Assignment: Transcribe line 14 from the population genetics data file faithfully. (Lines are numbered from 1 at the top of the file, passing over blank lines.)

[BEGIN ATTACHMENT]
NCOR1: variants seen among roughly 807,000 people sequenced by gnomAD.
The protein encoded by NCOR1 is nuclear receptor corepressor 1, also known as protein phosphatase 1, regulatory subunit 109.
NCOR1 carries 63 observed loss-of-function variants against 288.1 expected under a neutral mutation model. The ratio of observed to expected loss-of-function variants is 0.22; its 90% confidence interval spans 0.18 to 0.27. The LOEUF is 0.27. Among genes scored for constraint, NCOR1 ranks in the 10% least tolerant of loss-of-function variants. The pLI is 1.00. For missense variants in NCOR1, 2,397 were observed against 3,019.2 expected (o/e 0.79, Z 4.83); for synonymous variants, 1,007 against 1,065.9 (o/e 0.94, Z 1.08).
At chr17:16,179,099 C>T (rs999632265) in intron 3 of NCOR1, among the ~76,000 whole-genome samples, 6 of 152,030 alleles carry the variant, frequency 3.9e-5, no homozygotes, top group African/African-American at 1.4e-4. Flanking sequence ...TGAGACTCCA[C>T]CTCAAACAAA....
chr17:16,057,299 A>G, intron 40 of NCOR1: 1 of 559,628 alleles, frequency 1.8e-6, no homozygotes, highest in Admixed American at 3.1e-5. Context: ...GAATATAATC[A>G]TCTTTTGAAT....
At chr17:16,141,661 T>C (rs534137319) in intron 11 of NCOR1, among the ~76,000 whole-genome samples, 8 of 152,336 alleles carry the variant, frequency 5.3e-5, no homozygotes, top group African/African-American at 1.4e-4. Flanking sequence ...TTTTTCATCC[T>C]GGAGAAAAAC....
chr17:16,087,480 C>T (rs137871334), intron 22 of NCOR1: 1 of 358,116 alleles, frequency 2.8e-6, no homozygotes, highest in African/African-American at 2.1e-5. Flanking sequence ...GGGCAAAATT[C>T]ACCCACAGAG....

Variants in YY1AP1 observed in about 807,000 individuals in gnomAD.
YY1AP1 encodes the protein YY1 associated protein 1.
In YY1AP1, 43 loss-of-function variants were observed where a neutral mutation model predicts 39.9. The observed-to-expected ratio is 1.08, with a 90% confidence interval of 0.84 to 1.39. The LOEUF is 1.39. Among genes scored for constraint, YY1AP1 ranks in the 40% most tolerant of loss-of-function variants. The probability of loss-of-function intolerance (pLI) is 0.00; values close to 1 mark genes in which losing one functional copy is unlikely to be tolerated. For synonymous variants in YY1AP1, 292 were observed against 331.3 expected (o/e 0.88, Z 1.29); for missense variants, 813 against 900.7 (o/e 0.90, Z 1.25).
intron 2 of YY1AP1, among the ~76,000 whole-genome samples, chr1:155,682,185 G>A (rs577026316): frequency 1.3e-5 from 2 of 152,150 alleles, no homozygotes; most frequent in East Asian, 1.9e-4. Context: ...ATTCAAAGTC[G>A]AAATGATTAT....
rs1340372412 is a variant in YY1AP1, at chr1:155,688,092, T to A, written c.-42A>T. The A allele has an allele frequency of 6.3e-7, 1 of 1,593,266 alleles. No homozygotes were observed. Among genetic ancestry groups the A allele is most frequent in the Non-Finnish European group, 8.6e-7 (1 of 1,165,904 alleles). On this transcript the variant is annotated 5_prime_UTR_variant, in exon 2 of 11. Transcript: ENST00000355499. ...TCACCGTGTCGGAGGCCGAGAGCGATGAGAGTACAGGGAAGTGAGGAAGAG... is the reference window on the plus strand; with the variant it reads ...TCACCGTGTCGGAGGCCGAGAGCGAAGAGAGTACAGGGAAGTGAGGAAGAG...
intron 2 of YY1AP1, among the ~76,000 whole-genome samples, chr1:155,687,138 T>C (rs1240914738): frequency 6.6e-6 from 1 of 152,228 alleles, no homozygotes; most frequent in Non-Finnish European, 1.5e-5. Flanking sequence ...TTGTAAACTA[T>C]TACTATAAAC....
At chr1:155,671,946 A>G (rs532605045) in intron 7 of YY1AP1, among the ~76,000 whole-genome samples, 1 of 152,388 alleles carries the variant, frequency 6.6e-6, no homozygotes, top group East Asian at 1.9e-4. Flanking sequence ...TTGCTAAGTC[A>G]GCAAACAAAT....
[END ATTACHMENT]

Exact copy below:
At chr1:155,671,946 A>G (rs532605045) in intron 7 of YY1AP1, among the ~76,000 whole-genome samples, 1 of 152,388 alleles carries the variant, frequency 6.6e-6, no homozygotes, top group East Asian at 1.9e-4. Flanking sequence ...TTGCTAAGTC[A>G]GCAAACAAAT....